- While pregnant you can “eat for two” – Lie! A pregnant woman is advised to eat “300 healthy calories” more per day, and when you figure how much ketchup it takes to force down veggies while pregnant (see #5), those extra calories are consumed without thinking. I actually am much more conscious of what I eat now, because I don’t want our baby addicted to candy corn (like me!) or hungry in the middle of the night (which still happens on a regular basis).
- Strangers are extra-friendly and helpful to pregnant women – Not to me! Maybe it’s because I live in Washington, D.C., but when I was pregnant, cars were no more likely to let me cross the street and it was rare for someone to give up their seat on a crowded subway train for me. That said, I will gladly take “benign neglect” over well-intentioned curiosity. I felt lucky that no one ever tried to touch my belly!
- No flying during the third trimester – I had resigned myself to missing my family’s holiday reunion in Puerto Rico, since I would be 38 weeks pregnant by then. But as the trip grew closer (and I grew rounder), I was feeling great and didn’t want to be left out. I was surprised when, contrary to what I’d been told, the airline (they all have different policies) said I was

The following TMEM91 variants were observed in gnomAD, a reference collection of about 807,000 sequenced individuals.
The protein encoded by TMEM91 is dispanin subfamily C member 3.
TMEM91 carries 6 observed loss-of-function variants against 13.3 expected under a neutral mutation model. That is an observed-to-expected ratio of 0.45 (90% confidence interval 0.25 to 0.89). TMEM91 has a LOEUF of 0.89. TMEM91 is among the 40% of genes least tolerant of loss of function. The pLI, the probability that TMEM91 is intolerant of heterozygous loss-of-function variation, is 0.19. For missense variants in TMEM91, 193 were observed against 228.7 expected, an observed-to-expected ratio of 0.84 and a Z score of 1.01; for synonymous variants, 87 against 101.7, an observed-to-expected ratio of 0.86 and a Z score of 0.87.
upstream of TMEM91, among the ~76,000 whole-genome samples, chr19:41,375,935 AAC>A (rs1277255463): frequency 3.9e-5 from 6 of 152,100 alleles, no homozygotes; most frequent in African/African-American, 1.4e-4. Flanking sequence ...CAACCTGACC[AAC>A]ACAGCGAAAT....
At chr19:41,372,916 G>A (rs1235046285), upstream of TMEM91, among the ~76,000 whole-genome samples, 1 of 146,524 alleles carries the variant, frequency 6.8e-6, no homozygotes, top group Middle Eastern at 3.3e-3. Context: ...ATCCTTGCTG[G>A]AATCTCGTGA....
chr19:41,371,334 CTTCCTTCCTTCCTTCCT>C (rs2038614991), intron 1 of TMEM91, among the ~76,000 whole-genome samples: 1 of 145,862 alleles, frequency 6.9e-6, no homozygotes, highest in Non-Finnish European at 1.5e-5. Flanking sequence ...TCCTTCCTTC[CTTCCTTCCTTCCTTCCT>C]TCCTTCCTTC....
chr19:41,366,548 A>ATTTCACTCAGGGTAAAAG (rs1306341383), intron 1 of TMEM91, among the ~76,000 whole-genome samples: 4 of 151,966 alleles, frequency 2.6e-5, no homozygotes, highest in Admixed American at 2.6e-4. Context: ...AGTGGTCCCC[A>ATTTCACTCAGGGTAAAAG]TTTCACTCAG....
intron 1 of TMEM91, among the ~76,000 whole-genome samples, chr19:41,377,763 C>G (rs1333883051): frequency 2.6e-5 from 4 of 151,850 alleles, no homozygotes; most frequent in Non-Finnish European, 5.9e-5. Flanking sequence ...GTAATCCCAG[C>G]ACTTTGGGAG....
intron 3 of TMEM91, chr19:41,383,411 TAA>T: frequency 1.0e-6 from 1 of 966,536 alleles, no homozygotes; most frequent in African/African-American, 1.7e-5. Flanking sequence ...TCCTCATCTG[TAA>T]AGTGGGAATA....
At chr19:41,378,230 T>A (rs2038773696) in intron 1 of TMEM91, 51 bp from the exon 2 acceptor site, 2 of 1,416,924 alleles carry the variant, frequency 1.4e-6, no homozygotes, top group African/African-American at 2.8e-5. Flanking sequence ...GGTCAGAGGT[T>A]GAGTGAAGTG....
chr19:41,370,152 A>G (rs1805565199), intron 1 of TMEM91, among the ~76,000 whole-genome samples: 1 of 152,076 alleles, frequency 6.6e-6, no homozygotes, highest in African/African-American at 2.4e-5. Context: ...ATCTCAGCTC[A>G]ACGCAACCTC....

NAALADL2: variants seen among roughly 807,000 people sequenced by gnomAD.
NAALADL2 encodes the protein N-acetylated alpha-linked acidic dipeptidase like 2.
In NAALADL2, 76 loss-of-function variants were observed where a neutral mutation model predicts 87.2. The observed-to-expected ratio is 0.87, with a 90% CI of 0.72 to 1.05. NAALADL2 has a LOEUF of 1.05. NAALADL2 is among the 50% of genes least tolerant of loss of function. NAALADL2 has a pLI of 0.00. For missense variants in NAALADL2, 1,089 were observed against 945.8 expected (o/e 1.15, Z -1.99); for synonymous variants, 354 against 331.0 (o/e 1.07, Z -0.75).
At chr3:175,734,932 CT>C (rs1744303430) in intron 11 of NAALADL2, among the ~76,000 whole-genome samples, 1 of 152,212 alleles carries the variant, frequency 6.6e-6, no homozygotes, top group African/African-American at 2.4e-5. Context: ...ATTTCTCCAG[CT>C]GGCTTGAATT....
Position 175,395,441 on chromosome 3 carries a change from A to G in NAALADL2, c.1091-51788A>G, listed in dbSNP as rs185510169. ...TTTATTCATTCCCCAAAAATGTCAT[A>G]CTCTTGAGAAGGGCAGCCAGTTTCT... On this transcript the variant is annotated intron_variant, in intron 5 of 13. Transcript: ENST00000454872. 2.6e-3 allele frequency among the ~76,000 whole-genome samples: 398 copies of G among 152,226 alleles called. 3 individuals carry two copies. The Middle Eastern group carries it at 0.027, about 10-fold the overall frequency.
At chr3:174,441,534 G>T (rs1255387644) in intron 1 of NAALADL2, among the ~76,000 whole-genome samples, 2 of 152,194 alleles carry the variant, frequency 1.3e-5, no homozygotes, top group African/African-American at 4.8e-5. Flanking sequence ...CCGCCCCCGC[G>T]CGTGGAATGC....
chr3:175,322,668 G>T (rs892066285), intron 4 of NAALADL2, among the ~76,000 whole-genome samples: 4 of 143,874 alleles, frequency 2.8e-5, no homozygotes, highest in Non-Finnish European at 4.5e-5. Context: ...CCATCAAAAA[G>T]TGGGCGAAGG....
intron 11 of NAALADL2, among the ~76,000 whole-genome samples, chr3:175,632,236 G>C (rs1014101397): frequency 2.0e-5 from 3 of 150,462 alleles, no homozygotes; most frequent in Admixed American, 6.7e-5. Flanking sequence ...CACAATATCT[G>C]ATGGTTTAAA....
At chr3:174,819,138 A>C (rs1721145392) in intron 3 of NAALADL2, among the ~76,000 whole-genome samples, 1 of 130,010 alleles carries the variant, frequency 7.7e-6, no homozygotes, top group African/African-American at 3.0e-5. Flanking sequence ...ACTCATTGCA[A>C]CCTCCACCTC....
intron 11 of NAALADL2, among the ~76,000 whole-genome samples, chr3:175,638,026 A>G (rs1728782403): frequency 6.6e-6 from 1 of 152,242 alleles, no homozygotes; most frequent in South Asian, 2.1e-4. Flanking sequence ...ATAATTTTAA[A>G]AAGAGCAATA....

welcome to fly up to the week of my due date. My doctor was also extremely supportive, giving me names of local obstetricians I could go to if I had any complications and promising to be available by phone. The flights were easy and I was so glad I made the trip.
- A pregnant women should not lay on her back/go jogging/lift her hands over her head – All false, unless you have a specific medical condition and your doctor warns you against it or if it makes you feel bad. During the later stages of pregnancy, the uterus and baby may be large enough to press on the large vein in the mom’s back, and reduce flow of blood from the lower body (and uterus) back to the heart. But this tends to matter only in certain circumstances such as prolonged labor, if blood pressure is high, if the kidneys are not functioning properly, or if there is a problem with fetal development. The same is true for exercise – obviously, you don’t want to do anything that hurts or causes dizziness. But as long as you stay hydrated, being active makes pregnancy much more manageable. Plus, being in good shape is helpful during labor, and when you find yourself carting around a 15-pound carseat. My mother in law actually warned me about not putting my hands over my head (which is rumored to cause the umbilical cord to get wrapped around the baby’s neck), but although almost 25% of babies are born with the cord at least partially around their necks, that is the result of the baby’s activity in the womb, not the mom’s activity. In other words, the body protects the baby pretty well during pregnancy, so just live your life.